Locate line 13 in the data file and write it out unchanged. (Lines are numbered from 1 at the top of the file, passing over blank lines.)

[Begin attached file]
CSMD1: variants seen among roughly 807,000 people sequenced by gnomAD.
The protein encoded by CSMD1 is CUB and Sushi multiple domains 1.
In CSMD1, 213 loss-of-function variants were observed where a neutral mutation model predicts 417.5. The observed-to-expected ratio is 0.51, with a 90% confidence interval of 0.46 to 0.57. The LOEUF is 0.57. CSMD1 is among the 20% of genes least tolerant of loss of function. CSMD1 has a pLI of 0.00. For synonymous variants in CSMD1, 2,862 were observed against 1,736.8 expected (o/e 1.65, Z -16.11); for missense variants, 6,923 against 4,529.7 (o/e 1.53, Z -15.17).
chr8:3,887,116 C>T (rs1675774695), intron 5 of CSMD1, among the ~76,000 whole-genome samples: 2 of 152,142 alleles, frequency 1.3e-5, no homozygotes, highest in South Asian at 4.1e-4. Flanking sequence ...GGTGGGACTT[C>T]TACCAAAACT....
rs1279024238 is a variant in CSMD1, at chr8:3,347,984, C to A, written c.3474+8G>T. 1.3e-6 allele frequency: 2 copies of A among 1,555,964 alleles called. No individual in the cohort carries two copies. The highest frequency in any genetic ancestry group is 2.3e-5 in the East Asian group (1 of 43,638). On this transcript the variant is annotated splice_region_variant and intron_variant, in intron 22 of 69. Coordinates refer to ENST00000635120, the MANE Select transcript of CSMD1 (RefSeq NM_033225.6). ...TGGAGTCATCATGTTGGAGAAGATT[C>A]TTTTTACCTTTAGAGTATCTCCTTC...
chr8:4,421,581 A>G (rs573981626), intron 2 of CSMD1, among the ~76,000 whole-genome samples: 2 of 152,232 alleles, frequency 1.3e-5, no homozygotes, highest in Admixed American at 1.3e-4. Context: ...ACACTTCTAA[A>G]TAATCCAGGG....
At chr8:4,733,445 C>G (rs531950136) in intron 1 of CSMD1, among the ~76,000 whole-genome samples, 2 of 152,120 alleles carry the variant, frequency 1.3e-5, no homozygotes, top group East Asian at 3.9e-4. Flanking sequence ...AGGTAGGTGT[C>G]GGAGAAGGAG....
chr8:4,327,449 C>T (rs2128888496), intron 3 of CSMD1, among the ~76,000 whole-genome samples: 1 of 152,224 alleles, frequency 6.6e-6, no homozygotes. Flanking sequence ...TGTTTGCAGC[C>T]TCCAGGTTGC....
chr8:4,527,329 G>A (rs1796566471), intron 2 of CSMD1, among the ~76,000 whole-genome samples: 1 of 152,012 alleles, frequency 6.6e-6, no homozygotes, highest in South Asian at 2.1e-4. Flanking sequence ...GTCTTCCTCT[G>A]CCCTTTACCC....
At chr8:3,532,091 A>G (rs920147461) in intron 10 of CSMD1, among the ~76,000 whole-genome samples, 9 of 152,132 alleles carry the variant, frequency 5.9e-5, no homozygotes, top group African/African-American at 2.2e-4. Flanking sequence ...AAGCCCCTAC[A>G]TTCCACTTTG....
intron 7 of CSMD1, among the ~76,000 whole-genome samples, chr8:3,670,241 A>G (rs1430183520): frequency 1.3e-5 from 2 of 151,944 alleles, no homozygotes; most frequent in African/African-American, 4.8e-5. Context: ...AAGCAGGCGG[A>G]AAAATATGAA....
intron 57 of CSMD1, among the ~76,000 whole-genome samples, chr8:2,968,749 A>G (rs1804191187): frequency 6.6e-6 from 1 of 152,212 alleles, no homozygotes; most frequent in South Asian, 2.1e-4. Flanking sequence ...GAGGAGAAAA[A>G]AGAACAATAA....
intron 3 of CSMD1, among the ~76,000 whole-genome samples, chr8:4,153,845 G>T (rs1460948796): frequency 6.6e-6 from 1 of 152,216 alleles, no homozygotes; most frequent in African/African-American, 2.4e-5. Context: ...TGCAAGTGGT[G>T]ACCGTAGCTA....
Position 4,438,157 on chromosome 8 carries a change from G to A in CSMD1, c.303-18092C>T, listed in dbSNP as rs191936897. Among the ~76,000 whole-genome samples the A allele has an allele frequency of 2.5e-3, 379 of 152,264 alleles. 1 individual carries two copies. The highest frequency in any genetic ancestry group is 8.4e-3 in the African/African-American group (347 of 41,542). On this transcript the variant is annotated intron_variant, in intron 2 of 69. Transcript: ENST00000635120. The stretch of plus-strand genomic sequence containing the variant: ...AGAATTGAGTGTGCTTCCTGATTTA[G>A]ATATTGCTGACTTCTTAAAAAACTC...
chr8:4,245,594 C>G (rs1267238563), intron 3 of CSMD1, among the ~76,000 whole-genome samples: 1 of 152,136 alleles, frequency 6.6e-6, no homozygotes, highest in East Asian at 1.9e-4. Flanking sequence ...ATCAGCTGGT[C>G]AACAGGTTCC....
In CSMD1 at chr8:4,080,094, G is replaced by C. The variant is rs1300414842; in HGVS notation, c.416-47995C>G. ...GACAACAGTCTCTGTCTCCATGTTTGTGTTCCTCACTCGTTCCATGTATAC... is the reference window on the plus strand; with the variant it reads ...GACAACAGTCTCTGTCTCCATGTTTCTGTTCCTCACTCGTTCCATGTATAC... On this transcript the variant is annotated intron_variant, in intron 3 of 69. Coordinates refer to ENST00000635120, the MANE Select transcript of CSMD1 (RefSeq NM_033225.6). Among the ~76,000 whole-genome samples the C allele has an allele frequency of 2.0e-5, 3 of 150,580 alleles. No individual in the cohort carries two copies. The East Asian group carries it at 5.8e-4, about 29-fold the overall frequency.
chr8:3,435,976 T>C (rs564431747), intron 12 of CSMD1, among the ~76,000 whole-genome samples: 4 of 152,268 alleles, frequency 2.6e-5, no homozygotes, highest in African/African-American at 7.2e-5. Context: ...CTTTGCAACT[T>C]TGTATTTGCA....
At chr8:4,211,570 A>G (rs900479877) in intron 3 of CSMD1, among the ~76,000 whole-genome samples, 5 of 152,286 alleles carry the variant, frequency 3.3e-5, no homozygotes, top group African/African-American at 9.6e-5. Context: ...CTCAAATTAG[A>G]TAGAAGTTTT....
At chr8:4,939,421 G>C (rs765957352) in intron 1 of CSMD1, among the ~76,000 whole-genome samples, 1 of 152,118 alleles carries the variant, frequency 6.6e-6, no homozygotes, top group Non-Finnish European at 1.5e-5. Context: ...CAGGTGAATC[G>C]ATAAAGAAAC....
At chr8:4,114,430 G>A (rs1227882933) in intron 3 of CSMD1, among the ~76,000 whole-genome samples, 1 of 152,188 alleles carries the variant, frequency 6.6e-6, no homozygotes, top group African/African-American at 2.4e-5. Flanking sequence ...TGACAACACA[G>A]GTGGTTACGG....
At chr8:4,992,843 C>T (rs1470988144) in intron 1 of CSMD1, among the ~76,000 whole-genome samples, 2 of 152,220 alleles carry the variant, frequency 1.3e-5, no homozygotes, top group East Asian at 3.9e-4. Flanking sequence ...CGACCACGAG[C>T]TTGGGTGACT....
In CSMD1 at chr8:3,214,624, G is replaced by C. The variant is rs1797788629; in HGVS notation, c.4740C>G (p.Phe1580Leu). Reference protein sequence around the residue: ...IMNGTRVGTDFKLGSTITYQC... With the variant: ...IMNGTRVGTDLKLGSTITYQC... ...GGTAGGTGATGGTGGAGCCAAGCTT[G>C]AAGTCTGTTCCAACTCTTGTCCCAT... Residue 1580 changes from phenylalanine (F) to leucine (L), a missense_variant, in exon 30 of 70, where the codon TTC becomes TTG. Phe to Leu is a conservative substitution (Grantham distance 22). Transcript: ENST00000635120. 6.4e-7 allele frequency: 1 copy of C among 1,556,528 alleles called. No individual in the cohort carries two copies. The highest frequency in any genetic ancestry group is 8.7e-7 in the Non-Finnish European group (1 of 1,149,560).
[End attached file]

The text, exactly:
intron 3 of CSMD1, among the ~76,000 whole-genome samples, chr8:4,153,845 G>T (rs1460948796): frequency 6.6e-6 from 1 of 152,216 alleles, no homozygotes; most frequent in African/African-American, 2.4e-5. Context: ...TGCAAGTGGT[G>T]ACCGTAGCTA....